That’s a great question.  Part of it was that we launched video search back in December of 2004.  Part of it was to align with our vision in search, which is to enable people to find, use, share, and expand all human knowledge.  Part of that was to look at the vertical applications.  We looked at the query logs and we looked at what the users were doing.  We found that whether it was video, audio, or an image, there were a lot of folks that were doing that type of search.  We wanted to create an experience specifically for them and so we launched video search back in December in beta.  Our focus with that product has been about comprehensiveness, openness, and relevance.  What we have recently done is we have started to introduce more discovery.  So if you go the homepage now video.search.yahoo.com you will see not just a search box which is equally important, but you will see a popular search modules.  So we do try to help you discover what is on the video Internet at any one time.

 

John Furrier – Founder of PodTech.net
Talk about discovery.  A lot of developers are out there developing stuff but users are submitting content and people just want to find it.  What specifically around discovery have you done and where are the key areas that you are developing?

 

Jeff Karnes – Director of Multimedia Search at Yahoo!
The first thing has been for us to push what’s popular today on the Internet.  So, if you’re coming to video search or audio search or image search for that matter, we help you just get started.  Because there is so much media out there, I think a lot of folks right now feel that  it is a little fragmented (Where do I start, do I absolutely know what I am looking for?)  And we do give you that control with the search box so you can get detail and you can get that discovery.  What we have also done outside of the front pages or the homepages with video search recently, is on the search results page.  So we just recently launched two different views we have the grid view which is the normal key frame view so I can quickly scan the thumbnails and see what the video is out there.  We also have a list view now that shows you any additional metadata that is associated with that particular piece of video.  We also allow you to filter and say “Show me more from this particular site.?  So it allows you to keep discovering.  So if I like, for instance, what is coming out of this particular site, I can filter the results that way as well.  The third is we have a product here at Yahoo called My Web 2.0 and we have the ability in our search results to save that result to My Web, tag it, write a description, and share it with your community.  So we are helping from the expansion perspective to say, “I’m consuming, I’m discovering, let me help others consume and discover as well because a recommendation has a level of trust with my community.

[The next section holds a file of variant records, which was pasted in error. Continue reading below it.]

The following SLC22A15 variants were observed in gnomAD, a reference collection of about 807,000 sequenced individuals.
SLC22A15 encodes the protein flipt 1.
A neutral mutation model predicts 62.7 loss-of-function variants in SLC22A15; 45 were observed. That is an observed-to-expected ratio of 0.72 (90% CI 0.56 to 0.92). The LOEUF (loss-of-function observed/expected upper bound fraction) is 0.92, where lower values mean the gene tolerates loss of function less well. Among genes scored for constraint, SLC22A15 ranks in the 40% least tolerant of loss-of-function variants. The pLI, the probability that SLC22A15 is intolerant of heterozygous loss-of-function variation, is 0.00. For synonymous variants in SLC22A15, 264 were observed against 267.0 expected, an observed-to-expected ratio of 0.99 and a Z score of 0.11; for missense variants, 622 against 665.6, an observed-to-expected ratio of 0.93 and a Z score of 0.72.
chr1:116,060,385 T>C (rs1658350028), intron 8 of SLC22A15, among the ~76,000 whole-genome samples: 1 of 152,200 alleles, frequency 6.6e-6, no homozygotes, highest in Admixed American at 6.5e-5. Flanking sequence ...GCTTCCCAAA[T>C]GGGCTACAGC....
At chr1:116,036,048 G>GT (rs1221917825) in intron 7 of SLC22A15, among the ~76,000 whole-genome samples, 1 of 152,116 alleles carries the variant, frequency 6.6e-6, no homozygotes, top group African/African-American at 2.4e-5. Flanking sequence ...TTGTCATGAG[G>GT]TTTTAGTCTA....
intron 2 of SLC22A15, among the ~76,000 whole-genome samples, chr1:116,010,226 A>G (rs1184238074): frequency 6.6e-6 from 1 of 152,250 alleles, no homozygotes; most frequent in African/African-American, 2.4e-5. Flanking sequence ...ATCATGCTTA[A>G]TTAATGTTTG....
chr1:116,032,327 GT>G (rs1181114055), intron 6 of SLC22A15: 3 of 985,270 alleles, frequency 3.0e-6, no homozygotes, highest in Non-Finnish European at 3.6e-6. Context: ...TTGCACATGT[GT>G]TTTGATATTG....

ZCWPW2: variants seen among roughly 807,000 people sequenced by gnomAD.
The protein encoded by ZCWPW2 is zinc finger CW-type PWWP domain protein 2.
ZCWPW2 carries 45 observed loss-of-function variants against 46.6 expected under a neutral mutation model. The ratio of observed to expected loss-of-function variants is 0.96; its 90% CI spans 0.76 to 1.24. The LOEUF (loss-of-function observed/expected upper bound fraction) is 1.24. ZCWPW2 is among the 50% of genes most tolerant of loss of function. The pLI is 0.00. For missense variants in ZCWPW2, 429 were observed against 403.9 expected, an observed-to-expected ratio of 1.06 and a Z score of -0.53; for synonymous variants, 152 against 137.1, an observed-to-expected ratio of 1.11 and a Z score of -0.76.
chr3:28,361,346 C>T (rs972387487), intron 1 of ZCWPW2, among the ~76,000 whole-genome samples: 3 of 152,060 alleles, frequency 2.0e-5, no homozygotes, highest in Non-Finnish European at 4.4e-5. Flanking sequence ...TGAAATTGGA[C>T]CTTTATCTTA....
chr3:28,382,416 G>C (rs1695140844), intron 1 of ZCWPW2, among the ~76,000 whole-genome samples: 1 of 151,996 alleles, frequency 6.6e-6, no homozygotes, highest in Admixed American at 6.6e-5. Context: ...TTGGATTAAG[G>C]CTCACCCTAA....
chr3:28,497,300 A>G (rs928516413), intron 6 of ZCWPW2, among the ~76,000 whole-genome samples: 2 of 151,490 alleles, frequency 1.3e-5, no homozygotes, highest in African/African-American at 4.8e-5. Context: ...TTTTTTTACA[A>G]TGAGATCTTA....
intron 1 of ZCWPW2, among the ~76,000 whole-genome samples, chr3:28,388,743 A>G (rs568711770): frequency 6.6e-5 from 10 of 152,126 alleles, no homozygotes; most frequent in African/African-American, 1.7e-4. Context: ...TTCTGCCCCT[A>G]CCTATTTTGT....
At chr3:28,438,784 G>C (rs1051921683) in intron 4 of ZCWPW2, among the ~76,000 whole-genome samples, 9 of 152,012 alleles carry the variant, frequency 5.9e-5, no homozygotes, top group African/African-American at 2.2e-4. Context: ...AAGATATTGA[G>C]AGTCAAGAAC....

John Furrier – Founder of PodTech.net
Wow, that’s impressive!  You make it sound so easy.  A lot of people don’t know that you have a background prior to coming to Yahoo with a company with this stuff.  We’ve come a long way, this isn’t easy stuff.  Talk about the nuances, you make it sound really easy and that is perfect for users you do make it easy.  What’s going on under the covers? 

 

Jeff Karnes – Director of Multimedia Search at Yahoo!
It’s now easy.  First I think that from video and audio and even imagery one of the differences is the amount of information or metadata about that particular piece of media that is available because that does drive the search and discovery.  One of the things that we do whether it’s from crawling and collecting information about that particular video, getting the time duration, the date, but also the manual ways as well so the tagging phenomenon (you are familiar with the site Flickr) that we acquired earlier this year, basically that site has grown and gotten so successful because of their communities ability to describe the content through tagging.  It has created an enormous ecosystem of folks wanting to contribute to the index, folks wanting to contribute to Filckr, and folks using tagging as a way to enhance that search and discovery experience in Flickr.

 

John Furrier – Founder of PodTech.net
Is tagging an open source search algorithm?  Think about open source development, people will just chip in on projects but one little tag adds to the overall thing.  It’s like open source search.  You guys are pioneering that, right?  Talk about that.

 

Jeff Karnes – Director of Multimedia Search at Yahoo!
Yes, I think that it also puts search in the hands of the user. You know the statement, “The tyranny of the webmaster? right?  I think tagging gets you around that because the users become much more involved in terms of their search experience.  One of the key areas with that is with the community and the ability for users to share that and rate that and to use each other for trust and for relevance. I think from a tagging perspective that really opens it up for the users to do that.  We are very excited about that particular element.  So between the traditional automated ways of getting metadata, but also the new ways of getting metadata through tagging, that experience in combination really delivers that right discovery experience for users.